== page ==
Many women diagnosed with ductal carcinoma in situ (DCIS) have inaccurate perceptions of their breast cancer risks, according to a study published online February 12 in the Journal of the National Cancer Institute.
DCIS is a noninvasive precancer in which abnormal cells are found in the lining of a breast duct. Women with DCIS generally have a favorable prognosis—recurrence rates are low and only about one percent of DCIS patients die from breast cancer. Nonetheless, studies suggest that DCIS patients overestimate their risks of DCIS recurrence and developing invasive breast cancer.
Ann Partridge, M.D., and colleagues at Dana-Farber Cancer Institute in Boston investigated perceived breast cancer risks among women with newly diagnosed DCIS and how these risk perceptions were associated with anxiety and depression. They surveyed nearly 500 newly diagnosed DCIS patients about their quality of life (including depression and anxiety) and their perceived risk of recurrence or invasive breast cancer. The surveys were completed at enrollment in the trial and then again at 9 and 18 months.
At the time of enrollment, 10 percent of patients reported substantial anxiety, and two percent were depressed. Over time, anxiety levels decreased, and depression levels remained low. At enrollment, 54 percent of patients said they believed they were at least moderately likely to develop DCIS again within the next five years and 68 percent believed it was at least moderately likely to happen again at some point in their lifetime. Also, 28 percent of the women believed that it was at least moderately likely that DCIS would spread to other parts of their body. After 18 months, these perceptions had not changed substantially. Higher levels of anxiety were associated with an overestimation of future risks.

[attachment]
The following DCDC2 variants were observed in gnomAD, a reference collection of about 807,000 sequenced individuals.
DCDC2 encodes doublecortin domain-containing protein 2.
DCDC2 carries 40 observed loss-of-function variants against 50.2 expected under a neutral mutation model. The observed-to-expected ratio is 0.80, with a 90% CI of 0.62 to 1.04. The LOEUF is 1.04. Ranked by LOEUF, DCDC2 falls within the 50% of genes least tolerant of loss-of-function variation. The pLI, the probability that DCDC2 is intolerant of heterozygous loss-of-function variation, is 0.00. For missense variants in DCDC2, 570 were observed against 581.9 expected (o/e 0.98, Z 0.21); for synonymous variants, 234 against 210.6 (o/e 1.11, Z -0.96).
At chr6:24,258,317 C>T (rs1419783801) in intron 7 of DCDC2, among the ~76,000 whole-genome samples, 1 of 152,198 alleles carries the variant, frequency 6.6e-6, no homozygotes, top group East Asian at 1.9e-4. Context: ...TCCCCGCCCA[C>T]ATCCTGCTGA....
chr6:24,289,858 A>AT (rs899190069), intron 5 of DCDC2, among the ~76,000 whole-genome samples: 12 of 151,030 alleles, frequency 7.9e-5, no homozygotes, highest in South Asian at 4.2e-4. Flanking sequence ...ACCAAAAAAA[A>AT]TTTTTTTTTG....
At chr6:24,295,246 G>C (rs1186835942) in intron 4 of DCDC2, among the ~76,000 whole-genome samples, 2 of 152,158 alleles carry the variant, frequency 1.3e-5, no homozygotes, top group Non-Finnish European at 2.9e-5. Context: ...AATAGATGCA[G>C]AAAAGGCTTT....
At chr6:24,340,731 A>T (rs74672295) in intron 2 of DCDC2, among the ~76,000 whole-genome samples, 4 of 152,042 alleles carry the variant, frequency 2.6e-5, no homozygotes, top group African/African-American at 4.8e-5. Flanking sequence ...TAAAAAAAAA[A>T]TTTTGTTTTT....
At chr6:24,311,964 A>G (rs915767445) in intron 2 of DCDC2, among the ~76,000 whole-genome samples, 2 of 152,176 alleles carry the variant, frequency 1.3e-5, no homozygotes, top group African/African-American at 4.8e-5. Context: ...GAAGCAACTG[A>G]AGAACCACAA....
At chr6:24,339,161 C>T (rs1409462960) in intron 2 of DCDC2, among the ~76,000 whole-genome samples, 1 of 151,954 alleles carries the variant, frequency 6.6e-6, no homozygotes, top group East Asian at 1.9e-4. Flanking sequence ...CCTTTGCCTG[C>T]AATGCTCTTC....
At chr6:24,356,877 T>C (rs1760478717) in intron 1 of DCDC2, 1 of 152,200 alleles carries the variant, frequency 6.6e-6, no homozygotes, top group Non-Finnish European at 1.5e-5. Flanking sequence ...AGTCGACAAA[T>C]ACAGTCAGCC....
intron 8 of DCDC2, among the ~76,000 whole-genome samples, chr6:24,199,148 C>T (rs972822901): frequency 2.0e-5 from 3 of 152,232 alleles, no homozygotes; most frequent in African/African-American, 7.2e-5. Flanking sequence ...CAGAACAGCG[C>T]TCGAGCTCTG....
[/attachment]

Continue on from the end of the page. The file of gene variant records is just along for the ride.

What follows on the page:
“Although women with DCIS appear to experience a reasonably favorable overall quality of life, some DCIS survivors may suffer from increased distress and poor mental health that may be related to inaccurate, increased perceptions of breast cancer risks. Clinicians who are caring for the increasing number of women who are diagnosed with DCIS should be aware of these inaccurate perceptions and attempt to minimize them,” the authors write.
In an accompanying editorial, H. Gilbert Welch, M.D., of the Department of Veterans Affairs Medical Center in White River Junction, Vt., and colleagues discuss the uncertainty surrounding a diagnosis of DCIS and the pitfalls of overdiagnosis and overtreatment. Since DCIS does not always progress to invasive cancer, it may be reasonable to promote active surveillance instead of performing surgery on every woman with DCIS, the editorialists note.
“Active surveillance could help women whose DCIS does not progress avoid treatment and allow those whose DCIS does progress to invasive cancer be diagnosed and treated when the prognosis is still extremely favorable,” they write.
But they acknowledge that active surveillance can not alleviate the effects of uncertainty and anxiety caused by the diagnosis of DCIS. To avoid these, they write, doctors should “question the value of making the diagnosis in the first place.” The editorialists suggest clinical trials be conducted to test a strategy of biopsying only those breast tumors that are large enough to be palpated (e.g., > 1 cm).